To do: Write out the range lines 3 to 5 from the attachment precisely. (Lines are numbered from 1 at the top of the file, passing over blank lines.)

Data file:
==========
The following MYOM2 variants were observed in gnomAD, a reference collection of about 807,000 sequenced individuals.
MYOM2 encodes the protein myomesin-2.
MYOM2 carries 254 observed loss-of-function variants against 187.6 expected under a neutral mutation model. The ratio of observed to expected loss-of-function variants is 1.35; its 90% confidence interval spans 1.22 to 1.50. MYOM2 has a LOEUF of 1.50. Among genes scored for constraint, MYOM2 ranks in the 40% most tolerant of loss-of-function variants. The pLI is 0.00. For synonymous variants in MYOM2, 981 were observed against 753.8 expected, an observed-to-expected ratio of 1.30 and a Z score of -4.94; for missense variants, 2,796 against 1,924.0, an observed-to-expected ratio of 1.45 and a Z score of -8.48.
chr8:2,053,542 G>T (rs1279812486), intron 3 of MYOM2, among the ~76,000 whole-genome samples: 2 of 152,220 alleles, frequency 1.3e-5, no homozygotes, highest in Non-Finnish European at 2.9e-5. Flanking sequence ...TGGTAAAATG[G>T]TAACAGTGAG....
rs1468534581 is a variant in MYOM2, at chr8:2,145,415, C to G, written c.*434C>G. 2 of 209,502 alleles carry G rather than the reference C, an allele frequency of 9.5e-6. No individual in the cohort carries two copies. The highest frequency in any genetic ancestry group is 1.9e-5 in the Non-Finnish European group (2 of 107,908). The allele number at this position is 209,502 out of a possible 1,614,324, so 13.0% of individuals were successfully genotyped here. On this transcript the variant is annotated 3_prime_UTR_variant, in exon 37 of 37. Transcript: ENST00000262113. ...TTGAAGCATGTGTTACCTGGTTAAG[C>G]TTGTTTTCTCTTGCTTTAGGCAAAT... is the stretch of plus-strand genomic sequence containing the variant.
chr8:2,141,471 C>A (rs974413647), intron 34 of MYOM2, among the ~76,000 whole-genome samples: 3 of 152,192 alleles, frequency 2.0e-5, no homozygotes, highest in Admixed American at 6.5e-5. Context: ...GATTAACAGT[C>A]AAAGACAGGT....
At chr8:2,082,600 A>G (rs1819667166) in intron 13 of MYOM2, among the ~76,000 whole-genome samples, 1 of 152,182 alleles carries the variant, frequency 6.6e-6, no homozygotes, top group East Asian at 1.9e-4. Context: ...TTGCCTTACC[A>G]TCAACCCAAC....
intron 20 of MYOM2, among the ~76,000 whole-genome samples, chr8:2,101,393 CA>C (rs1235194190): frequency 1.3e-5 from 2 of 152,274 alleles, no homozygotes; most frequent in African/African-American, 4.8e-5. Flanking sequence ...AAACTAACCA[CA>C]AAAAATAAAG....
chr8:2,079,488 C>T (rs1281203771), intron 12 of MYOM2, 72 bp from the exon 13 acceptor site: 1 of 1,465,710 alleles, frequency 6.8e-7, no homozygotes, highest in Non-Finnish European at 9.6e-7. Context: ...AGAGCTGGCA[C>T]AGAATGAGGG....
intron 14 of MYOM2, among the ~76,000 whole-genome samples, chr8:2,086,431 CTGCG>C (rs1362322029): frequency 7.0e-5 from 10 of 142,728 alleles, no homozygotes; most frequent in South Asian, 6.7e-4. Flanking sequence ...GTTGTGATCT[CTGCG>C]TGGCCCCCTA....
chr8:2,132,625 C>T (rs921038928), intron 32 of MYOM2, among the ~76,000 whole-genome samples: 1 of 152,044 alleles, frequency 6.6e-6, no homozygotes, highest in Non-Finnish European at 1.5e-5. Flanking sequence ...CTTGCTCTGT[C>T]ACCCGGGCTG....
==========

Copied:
MYOM2 carries 254 observed loss-of-function variants against 187.6 expected under a neutral mutation model. The ratio of observed to expected loss-of-function variants is 1.35; its 90% confidence interval spans 1.22 to 1.50. MYOM2 has a LOEUF of 1.50. Among genes scored for constraint, MYOM2 ranks in the 40% most tolerant of loss-of-function variants. The pLI is 0.00. For synonymous variants in MYOM2, 981 were observed against 753.8 expected, an observed-to-expected ratio of 1.30 and a Z score of -4.94; for missense variants, 2,796 against 1,924.0, an observed-to-expected ratio of 1.45 and a Z score of -8.48.
chr8:2,053,542 G>T (rs1279812486), intron 3 of MYOM2, among the ~76,000 whole-genome samples: 2 of 152,220 alleles, frequency 1.3e-5, no homozygotes, highest in Non-Finnish European at 2.9e-5. Flanking sequence ...TGGTAAAATG[G>T]TAACAGTGAG....
rs1468534581 is a variant in MYOM2, at chr8:2,145,415, C to G, written c.*434C>G. 2 of 209,502 alleles carry G rather than the reference C, an allele frequency of 9.5e-6. No individual in the cohort carries two copies. The highest frequency in any genetic ancestry group is 1.9e-5 in the Non-Finnish European group (2 of 107,908). The allele number at this position is 209,502 out of a possible 1,614,324, so 13.0% of individuals were successfully genotyped here. On this transcript the variant is annotated 3_prime_UTR_variant, in exon 37 of 37. Transcript: ENST00000262113. ...TTGAAGCATGTGTTACCTGGTTAAG[C>G]TTGTTTTCTCTTGCTTTAGGCAAAT... is the stretch of plus-strand genomic sequence containing the variant.